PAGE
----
James Hajicek and Carol Panaro-Smith: The States Project: Arizona
Every city has its handful of dynamic art couples, and the greater Phoenix metropolitan valley is fortunate to have James Hajicek and Carol Panaro-Smith. They are two of the most influential people in my life, and I am only one among many whose creative life has been nurtured by one or the other, or more often in recent decades by both. Together their careers as visual artists and educators span over sixty years. Their knowledge, insights, and support given selflessly over those decades, has given encouragement to many artists in a variety of contexts.
I first met James when I was a graduate student at Arizona State University studying historic photographic processes. He had developed an extensive program in this area since the mid-1970’s and he quickly became my mentor. When I saw the collaborative work that he and Carol had been producing since 2003, I was intrigued by the work’s enchanted, mystical, and painterly aesthetics, as these were not the types of photographs I was used to seeing – especially work engaging the earliest of photographic processes. Both masters of historic photo processes, they do not shy away from experimenting with the tools in their belt. Their series of photogenic drawings demonstrates that through knowledge and understanding of photographic history and its practices – there is still the ability to create something entirely new.
Their collaborative work has been exhibited in several solo exhibitions culminating with a ten-year retrospective at Robert and Elaine Stein Galleries at Wright State University in Fairborn, Ohio in 2013 celebrating the conclusion of their work using the process of photogenic drawing. Their work is in several major collections including Chicago Center for Book and Paper Arts, Chicago, IL; the Museum of Fine Arts, Houston, TX; and the Nelson-Atkins Museum of Art, Kansas City, Missouri. Their work is represented by Joseph Bellows, La Jolla, California; photo-eye Gallery, Santa Fe, New Mexico; and Tilt Gallery, Scottsdale, Arizona.
Their most recent collaboration involves a shift of focus from producing physical objects destined for the walls of galleries and museums to producing nurturing and creative experiences for individuals in a rural medieval village in the hills of northern Italy. In this Tuscan setting, they both teach and sponsor workshops that range from igniting the personal creative fire within to those of a more technical nature that involve masters teaching various 19th-century photographic processes. In addition to Carol and James, teachers have included Keith Carter, Kate Breakey, Jace Graf, Andrea Modica, Scott Davis, and David Emitt Adams.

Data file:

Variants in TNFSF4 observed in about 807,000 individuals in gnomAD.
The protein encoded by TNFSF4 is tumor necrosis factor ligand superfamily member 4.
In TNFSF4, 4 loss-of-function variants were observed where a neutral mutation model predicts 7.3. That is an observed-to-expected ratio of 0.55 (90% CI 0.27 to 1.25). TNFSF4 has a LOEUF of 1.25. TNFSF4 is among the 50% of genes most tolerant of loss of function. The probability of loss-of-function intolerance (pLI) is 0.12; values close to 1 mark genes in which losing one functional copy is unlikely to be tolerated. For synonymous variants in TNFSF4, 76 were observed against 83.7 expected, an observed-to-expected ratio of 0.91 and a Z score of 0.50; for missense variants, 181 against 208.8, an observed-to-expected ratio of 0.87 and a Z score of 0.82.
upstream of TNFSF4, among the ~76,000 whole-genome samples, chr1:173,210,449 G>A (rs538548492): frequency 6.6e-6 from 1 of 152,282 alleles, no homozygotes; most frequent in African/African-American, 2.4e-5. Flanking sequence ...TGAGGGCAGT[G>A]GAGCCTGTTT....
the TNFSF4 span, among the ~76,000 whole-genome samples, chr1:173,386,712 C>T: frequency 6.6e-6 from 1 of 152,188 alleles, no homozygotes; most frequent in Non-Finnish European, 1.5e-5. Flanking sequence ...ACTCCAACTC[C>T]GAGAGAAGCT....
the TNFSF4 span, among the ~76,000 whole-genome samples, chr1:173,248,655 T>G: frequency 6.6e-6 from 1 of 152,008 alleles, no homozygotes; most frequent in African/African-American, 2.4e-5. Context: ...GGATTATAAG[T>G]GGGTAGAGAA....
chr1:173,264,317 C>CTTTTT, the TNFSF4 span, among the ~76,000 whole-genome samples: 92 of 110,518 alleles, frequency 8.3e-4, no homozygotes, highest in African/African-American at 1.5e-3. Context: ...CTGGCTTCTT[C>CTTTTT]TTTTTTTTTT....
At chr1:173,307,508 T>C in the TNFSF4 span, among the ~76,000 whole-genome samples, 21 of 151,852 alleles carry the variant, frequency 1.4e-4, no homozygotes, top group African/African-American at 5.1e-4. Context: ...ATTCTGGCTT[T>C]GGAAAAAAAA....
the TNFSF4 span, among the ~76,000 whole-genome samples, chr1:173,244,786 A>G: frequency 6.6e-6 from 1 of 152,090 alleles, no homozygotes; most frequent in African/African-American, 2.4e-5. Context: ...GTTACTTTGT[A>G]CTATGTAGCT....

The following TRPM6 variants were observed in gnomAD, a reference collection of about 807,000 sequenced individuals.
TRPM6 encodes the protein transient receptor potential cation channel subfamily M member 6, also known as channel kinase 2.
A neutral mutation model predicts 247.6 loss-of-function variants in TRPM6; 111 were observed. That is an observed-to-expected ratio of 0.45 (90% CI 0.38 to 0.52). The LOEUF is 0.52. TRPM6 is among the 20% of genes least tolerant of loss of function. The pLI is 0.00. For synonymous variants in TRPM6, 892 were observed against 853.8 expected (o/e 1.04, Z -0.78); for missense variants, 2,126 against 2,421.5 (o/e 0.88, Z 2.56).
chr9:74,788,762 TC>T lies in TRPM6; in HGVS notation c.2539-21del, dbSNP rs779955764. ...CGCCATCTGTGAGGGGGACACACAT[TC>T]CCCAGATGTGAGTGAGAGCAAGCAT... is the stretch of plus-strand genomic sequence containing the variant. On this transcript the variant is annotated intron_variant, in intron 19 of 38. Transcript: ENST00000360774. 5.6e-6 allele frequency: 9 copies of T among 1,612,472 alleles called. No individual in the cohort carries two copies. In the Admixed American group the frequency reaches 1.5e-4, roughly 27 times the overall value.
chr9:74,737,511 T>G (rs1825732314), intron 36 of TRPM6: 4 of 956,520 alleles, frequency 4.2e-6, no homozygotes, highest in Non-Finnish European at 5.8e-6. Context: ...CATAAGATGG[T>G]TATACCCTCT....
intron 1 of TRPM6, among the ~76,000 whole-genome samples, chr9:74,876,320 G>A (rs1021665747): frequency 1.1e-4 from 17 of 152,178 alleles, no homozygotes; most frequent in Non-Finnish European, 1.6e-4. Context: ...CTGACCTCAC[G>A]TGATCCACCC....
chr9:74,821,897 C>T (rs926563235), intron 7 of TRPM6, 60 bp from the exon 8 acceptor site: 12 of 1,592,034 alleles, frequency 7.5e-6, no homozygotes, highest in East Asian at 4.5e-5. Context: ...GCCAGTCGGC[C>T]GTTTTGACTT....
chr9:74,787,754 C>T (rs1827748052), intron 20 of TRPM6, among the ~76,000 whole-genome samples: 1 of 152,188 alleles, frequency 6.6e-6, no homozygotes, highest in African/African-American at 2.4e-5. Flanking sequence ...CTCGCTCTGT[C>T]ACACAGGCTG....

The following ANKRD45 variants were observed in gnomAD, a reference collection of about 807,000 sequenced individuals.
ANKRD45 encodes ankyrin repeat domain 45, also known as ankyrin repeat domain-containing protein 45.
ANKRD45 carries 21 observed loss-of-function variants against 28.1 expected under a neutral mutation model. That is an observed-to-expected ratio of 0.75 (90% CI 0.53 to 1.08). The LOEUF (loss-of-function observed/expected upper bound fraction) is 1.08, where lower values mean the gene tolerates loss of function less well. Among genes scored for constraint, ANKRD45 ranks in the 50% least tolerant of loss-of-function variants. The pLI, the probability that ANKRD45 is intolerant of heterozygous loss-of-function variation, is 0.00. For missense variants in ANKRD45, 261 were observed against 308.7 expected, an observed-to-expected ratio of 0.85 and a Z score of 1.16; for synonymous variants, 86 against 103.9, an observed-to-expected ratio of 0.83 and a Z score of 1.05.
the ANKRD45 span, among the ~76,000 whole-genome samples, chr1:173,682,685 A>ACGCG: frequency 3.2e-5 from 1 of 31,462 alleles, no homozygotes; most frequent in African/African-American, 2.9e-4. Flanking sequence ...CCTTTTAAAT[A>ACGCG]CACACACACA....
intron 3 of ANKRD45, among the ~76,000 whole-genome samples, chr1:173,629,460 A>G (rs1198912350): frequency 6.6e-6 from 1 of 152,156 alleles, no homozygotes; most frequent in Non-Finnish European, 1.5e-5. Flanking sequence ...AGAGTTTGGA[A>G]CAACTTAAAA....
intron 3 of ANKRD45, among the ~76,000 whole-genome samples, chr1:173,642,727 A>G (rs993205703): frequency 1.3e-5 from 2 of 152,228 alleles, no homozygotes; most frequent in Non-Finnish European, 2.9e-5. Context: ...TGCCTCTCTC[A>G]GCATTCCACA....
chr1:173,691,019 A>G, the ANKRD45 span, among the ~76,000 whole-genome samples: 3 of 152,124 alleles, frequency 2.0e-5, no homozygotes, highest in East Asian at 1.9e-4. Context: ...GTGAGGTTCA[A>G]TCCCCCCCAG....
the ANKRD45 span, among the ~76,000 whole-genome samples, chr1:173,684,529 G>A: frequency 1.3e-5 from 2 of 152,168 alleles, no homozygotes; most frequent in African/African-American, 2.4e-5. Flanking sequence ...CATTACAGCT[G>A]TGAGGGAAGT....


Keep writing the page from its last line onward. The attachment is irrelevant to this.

Alchemy Studio is based in Phoenix, Arizona where James and Carol live, teach, and work when not facilitating creative learning experiences in Italy. For more information on their workshops, please visit alchemy-studio.net
From 2001 to 2013 we worked collaboratively using the process known as photogenic drawing – one of photography’s earliest and most beautiful. It is also one of the most simple and direct processes that defines the very core of photography without recourse to the normally thought of requisite equipment and materials.
Plants that we either dug from the earth or collected from the sea are exposed in contact with hand-coated light sensitive paper. This organic material withers under the intense heat and light of the Arizona sun as it completes its final act of participation in the creation of its own image.
As we continued to work with variations of William Henry Fox Talbot’s basic chemical formulas, we discovered that altering the variables of the light sensitive solutions, the chemistry in the paper, the intensity and accompanying heat of the light, and the chemicals emerging from the organic material, a color palette and physical presence emerged in the final print creating an ‘organic artifact’ beyond the imagination of anything previously thought of as photographic.
Each unique print will continue to transform with minor color shifts and the development of surface patinas as it remains alive, in a sense, changing and responding to its environment. This organic nature of the print, as it continues a process of transmutation over time, is a major conceptual component of this work.
In trying to strip everything extraneous from the photographic process and get to the very magic at its source, we have found ourselves in an arena ruled by serendipity, elusive mysteries, fugitive images, and the ruling master of all – the ultimate impermanence of everything.
We believe that photography – born in part out of our collective desire for permanence, a final proof, perhaps, for our own existence – presents us with only fleeting images, momentary reflections, and finally, our own impermanence. The closer one tries to get to the sacred nature of photography’s source, the more one is asked to accept that irony. This conceptual irony is, however, combined with the beauty, rarity, and luminance of newly completed works with colors, the nature of which we have yet to fully understand.
We have taken great care to produce these prints in the most archival method possible without altering their inherent organic essence. We believe that it is important that anyone interested in owning this work understand and accept these fundamental concepts.
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Michael Matthew Woodlee: The States Project: ArizonaSeptember 11th, 2016
Serge J-F. Levy: The States Project: ArizonaSeptember 10th, 2016
James Hajicek and Carol Panaro-Smith: The States Project: ArizonaSeptember 9th, 2016
Ryan Parra: The States Project: ArizonaSeptember 8th, 2016
Emily Matyas: The States Project: ArizonaSeptember 7th, 2016